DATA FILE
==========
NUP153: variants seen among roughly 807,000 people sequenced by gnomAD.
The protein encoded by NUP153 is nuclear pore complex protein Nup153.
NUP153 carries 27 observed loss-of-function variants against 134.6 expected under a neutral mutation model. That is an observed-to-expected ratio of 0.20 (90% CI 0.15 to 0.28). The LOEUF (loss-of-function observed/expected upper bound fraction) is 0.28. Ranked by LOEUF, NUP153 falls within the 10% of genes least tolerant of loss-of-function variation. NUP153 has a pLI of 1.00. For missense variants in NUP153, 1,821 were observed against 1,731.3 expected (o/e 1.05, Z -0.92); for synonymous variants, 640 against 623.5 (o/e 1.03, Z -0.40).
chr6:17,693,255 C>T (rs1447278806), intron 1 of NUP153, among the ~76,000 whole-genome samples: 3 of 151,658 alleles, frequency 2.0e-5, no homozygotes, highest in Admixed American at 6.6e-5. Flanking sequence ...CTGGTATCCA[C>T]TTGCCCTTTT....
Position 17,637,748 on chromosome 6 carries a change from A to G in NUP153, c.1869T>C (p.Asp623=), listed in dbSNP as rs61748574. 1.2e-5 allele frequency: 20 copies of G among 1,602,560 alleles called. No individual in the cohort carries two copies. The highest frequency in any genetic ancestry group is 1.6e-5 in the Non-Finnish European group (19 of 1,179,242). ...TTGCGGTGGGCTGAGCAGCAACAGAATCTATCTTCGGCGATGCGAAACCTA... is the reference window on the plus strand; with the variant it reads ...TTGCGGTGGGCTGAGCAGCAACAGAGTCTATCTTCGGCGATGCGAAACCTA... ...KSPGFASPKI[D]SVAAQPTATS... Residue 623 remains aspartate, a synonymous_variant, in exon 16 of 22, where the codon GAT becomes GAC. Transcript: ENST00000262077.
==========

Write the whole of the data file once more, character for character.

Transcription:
NUP153: variants seen among roughly 807,000 people sequenced by gnomAD.
The protein encoded by NUP153 is nuclear pore complex protein Nup153.
NUP153 carries 27 observed loss-of-function variants against 134.6 expected under a neutral mutation model. That is an observed-to-expected ratio of 0.20 (90% CI 0.15 to 0.28). The LOEUF (loss-of-function observed/expected upper bound fraction) is 0.28. Ranked by LOEUF, NUP153 falls within the 10% of genes least tolerant of loss-of-function variation. NUP153 has a pLI of 1.00. For missense variants in NUP153, 1,821 were observed against 1,731.3 expected (o/e 1.05, Z -0.92); for synonymous variants, 640 against 623.5 (o/e 1.03, Z -0.40).
chr6:17,693,255 C>T (rs1447278806), intron 1 of NUP153, among the ~76,000 whole-genome samples: 3 of 151,658 alleles, frequency 2.0e-5, no homozygotes, highest in Admixed American at 6.6e-5. Flanking sequence ...CTGGTATCCA[C>T]TTGCCCTTTT....
Position 17,637,748 on chromosome 6 carries a change from A to G in NUP153, c.1869T>C (p.Asp623=), listed in dbSNP as rs61748574. 1.2e-5 allele frequency: 20 copies of G among 1,602,560 alleles called. No individual in the cohort carries two copies. The highest frequency in any genetic ancestry group is 1.6e-5 in the Non-Finnish European group (19 of 1,179,242). ...TTGCGGTGGGCTGAGCAGCAACAGAATCTATCTTCGGCGATGCGAAACCTA... is the reference window on the plus strand; with the variant it reads ...TTGCGGTGGGCTGAGCAGCAACAGAGTCTATCTTCGGCGATGCGAAACCTA... ...KSPGFASPKI[D]SVAAQPTATS... Residue 623 remains aspartate, a synonymous_variant, in exon 16 of 22, where the codon GAT becomes GAC. Transcript: ENST00000262077.